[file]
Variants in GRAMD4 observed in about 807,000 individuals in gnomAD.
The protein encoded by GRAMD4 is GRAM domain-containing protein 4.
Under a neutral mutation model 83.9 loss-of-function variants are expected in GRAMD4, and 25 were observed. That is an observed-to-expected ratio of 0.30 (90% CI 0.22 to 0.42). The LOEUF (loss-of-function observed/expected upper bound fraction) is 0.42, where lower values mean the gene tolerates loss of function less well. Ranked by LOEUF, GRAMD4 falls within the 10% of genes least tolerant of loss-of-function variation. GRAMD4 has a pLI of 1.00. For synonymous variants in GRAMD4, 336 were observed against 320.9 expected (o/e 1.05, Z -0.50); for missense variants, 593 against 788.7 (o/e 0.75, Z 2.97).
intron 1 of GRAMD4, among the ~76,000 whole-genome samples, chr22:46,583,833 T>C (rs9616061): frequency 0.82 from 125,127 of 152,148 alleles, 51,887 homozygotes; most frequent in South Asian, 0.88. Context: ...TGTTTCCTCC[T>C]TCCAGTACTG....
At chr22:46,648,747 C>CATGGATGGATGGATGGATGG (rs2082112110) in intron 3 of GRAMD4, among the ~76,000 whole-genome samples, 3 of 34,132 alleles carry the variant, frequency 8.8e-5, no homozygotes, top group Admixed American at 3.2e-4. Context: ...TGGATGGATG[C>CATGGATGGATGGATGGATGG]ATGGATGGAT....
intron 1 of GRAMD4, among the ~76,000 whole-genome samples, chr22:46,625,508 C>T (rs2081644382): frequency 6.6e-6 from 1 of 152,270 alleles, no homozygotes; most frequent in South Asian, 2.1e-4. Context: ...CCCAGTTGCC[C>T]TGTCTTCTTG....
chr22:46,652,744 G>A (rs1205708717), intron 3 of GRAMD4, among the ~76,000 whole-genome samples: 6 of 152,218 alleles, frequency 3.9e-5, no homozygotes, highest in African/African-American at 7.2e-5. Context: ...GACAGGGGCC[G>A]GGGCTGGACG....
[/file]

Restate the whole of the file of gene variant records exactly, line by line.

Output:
Variants in GRAMD4 observed in about 807,000 individuals in gnomAD.
The protein encoded by GRAMD4 is GRAM domain-containing protein 4.
Under a neutral mutation model 83.9 loss-of-function variants are expected in GRAMD4, and 25 were observed. That is an observed-to-expected ratio of 0.30 (90% CI 0.22 to 0.42). The LOEUF (loss-of-function observed/expected upper bound fraction) is 0.42, where lower values mean the gene tolerates loss of function less well. Ranked by LOEUF, GRAMD4 falls within the 10% of genes least tolerant of loss-of-function variation. GRAMD4 has a pLI of 1.00. For synonymous variants in GRAMD4, 336 were observed against 320.9 expected (o/e 1.05, Z -0.50); for missense variants, 593 against 788.7 (o/e 0.75, Z 2.97).
intron 1 of GRAMD4, among the ~76,000 whole-genome samples, chr22:46,583,833 T>C (rs9616061): frequency 0.82 from 125,127 of 152,148 alleles, 51,887 homozygotes; most frequent in South Asian, 0.88. Context: ...TGTTTCCTCC[T>C]TCCAGTACTG....
At chr22:46,648,747 C>CATGGATGGATGGATGGATGG (rs2082112110) in intron 3 of GRAMD4, among the ~76,000 whole-genome samples, 3 of 34,132 alleles carry the variant, frequency 8.8e-5, no homozygotes, top group Admixed American at 3.2e-4. Context: ...TGGATGGATG[C>CATGGATGGATGGATGGATGG]ATGGATGGAT....
intron 1 of GRAMD4, among the ~76,000 whole-genome samples, chr22:46,625,508 C>T (rs2081644382): frequency 6.6e-6 from 1 of 152,270 alleles, no homozygotes; most frequent in South Asian, 2.1e-4. Context: ...CCCAGTTGCC[C>T]TGTCTTCTTG....
chr22:46,652,744 G>A (rs1205708717), intron 3 of GRAMD4, among the ~76,000 whole-genome samples: 6 of 152,218 alleles, frequency 3.9e-5, no homozygotes, highest in African/African-American at 7.2e-5. Context: ...GACAGGGGCC[G>A]GGGCTGGACG....